Thursday, October 23, 2008


Wednesday, October 22, 2008

Prep's Tolani Ibikunle goes all out in soccer quarterfinal!

The late afternoon sun floods across the soccer field where Saint Joseph's Prep plays LaSalle College High School in a quarter-final match in the Catholic League. In a thrilling shoot-out LaSalle triumphs 4-3 after a scoreless game dominated by Saint Joseph's. Despite all out effort neither team could score.

Saturday, October 11, 2008

Barack Obama speaks at Progress Plaza, Philadelphia, October 11, 2008

In my lifetime I have seen only two presidents: Richard Nixon when he was vice president in 1959 and George Bush when he spoke at Independence Hall on July 4, 2001. There I got to shake his hand and he acknowledged my greeting with that smile-smirk of his and a nod of the head.

This morning, since Barack Obama was only five blocks away, I ran down to see him and arrived in the middle of his stump speach. I did it in memory of my dad who took the trouble to see Kennedy drive through Abington in a motorcade when Kennedy was running in 1960.

Saturday, October 04, 2008

Bruce Maivelett, Mary Cycon, Melissa McGrath, Eileen Kennedy (members of the Mother's Club), and Gerry McHugh (speaker for the breakfast from the class of 1972), myself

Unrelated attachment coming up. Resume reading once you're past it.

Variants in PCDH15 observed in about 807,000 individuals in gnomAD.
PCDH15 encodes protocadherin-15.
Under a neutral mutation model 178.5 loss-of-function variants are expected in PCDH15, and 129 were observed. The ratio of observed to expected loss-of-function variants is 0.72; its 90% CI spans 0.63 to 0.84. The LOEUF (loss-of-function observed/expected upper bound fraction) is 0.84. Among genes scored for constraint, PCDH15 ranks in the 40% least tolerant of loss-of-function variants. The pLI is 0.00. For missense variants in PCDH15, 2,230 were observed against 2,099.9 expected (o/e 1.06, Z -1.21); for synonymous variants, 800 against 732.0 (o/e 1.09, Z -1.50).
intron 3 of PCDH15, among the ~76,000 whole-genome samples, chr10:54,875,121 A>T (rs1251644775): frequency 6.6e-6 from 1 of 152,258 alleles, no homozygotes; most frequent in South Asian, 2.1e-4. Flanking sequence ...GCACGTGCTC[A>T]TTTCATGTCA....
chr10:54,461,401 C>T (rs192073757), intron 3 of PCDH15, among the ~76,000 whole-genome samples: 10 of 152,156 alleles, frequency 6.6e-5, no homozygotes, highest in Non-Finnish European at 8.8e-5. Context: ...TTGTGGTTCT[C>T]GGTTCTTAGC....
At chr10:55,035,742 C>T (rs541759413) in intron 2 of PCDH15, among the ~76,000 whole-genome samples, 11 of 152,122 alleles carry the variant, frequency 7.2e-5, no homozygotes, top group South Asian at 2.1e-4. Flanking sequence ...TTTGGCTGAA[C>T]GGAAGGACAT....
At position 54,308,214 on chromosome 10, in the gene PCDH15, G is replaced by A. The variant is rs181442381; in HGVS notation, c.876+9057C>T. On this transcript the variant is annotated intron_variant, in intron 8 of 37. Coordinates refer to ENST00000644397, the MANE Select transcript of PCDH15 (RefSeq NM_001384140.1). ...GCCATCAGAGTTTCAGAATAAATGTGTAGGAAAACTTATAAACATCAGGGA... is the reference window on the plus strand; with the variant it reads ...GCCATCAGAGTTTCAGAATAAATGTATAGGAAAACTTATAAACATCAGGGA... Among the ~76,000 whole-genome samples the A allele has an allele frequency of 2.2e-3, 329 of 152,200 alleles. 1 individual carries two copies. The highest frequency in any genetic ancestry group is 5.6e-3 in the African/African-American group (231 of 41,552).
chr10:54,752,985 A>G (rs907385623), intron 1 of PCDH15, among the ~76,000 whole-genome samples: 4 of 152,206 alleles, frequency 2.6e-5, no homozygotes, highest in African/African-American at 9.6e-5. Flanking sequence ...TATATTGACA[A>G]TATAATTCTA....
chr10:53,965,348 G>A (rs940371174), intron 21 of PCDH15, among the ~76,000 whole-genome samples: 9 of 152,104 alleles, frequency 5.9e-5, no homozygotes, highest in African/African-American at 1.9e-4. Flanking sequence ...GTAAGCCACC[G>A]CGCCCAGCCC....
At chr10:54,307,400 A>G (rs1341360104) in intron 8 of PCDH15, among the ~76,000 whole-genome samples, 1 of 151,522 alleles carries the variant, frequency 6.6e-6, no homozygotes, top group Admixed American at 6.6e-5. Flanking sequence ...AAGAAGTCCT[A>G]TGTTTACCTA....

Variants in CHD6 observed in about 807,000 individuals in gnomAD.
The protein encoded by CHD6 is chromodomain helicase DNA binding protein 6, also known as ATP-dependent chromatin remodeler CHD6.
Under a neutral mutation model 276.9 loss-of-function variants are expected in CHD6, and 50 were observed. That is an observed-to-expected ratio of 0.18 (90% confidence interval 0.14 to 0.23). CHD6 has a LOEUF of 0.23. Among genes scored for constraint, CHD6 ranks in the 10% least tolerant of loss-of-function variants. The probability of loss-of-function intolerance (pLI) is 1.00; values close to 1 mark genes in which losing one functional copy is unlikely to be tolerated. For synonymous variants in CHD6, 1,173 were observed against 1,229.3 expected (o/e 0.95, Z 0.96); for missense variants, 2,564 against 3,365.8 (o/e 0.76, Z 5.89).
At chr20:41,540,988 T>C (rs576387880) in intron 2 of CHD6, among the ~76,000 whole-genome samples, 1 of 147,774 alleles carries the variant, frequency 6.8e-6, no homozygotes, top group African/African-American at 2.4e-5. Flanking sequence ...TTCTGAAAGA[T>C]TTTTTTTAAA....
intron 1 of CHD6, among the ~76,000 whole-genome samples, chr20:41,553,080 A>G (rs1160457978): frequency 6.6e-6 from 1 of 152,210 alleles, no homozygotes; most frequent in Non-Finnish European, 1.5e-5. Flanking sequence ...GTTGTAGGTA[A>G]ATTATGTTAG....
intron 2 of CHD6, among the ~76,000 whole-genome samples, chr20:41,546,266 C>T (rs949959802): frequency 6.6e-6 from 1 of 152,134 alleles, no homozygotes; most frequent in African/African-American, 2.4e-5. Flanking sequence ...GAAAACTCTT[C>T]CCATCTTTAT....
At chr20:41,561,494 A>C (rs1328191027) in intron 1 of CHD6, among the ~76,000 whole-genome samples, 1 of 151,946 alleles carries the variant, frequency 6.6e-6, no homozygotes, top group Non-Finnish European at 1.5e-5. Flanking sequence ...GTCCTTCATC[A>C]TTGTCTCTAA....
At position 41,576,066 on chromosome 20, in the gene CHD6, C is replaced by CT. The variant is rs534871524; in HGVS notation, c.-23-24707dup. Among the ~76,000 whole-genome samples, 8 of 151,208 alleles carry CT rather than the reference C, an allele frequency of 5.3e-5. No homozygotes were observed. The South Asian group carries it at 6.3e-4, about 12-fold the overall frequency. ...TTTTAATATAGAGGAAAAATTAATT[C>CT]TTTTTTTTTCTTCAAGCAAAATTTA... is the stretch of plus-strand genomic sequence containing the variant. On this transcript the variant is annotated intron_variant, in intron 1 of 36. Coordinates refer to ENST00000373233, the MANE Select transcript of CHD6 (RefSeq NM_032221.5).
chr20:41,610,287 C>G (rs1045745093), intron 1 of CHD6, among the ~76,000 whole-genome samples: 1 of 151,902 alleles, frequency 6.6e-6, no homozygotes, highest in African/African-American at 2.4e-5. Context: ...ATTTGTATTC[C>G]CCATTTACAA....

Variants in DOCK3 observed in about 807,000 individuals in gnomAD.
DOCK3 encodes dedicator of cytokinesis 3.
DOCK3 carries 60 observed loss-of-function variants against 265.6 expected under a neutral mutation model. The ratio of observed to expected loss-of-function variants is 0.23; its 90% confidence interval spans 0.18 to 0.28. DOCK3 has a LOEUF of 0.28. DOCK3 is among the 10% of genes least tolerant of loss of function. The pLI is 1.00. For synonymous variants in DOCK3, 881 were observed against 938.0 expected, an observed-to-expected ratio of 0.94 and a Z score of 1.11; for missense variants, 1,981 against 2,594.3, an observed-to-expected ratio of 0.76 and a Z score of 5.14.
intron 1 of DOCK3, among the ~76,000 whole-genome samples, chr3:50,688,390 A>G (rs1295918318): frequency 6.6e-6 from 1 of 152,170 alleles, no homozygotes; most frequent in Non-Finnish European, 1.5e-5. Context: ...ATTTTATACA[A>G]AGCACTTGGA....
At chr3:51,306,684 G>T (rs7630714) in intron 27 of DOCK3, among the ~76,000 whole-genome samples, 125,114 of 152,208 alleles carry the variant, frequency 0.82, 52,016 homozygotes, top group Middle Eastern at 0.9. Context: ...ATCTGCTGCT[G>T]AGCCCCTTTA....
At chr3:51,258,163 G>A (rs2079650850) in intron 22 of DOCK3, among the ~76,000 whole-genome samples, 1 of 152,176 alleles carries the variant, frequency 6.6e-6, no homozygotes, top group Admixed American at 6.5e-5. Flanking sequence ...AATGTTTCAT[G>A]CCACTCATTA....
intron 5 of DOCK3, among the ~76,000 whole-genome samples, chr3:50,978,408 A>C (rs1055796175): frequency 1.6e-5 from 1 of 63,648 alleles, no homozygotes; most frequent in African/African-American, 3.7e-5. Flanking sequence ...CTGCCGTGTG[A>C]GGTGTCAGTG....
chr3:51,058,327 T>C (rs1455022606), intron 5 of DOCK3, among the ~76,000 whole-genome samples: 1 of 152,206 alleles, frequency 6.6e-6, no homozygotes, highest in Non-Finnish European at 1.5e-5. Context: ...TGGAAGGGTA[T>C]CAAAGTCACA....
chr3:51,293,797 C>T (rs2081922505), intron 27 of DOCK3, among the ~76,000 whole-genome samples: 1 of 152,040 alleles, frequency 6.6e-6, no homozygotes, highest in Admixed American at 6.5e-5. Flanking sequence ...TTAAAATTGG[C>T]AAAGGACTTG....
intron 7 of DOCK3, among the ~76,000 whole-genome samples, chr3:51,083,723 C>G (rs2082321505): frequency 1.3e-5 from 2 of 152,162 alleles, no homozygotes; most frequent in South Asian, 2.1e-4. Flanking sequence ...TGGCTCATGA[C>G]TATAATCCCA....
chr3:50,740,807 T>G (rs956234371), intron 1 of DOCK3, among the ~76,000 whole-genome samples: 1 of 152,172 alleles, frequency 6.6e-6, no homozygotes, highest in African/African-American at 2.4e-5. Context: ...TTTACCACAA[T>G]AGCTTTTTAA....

Mother-Son Communion Breakfast 26th of the Year September 28 2008
Almost as constant as the truism that we sons all have mothers is another: our mothers will defend us in public no matter what we do, well, almost no matter what.
Once when I was a young priest I said something in a sermon that a stranger in the congregation did not like. My mother was also present at the Mass. After Mass on the church steps she and I overheard the woman criticizing what I had said. Allow me to quote from the criticism we heard on those church steps even in the Irish brogue with which it was delivered: “that priest needs a swift kick in the arse.”
My mother sprang immediately to my defense proclaiming me as her son and undeserving of the criticism. There were other cases, too. I remember when I was fourteen and working for an unscrupulous employer. On that occasion she rightly allowed me to defend myself but coached me on how to do it.

Were my mother still living, she would be 100 years of age next Fourth of July. She was a Yankee Doodle Dandy, as the song goes, a daughter of Irish immigrants who found their way in Philadelphia. There are still occasions when I could use her as my public defender and I rely on her spiritual strength.

So I address all my young Prep brothers. Your mothers may take you to task in private; they may even agree in private conversations with others who criticize you but in public they will defend you. In fact I am fully convinced that, should a court of law demand their testimony, our mothers would not testify against us.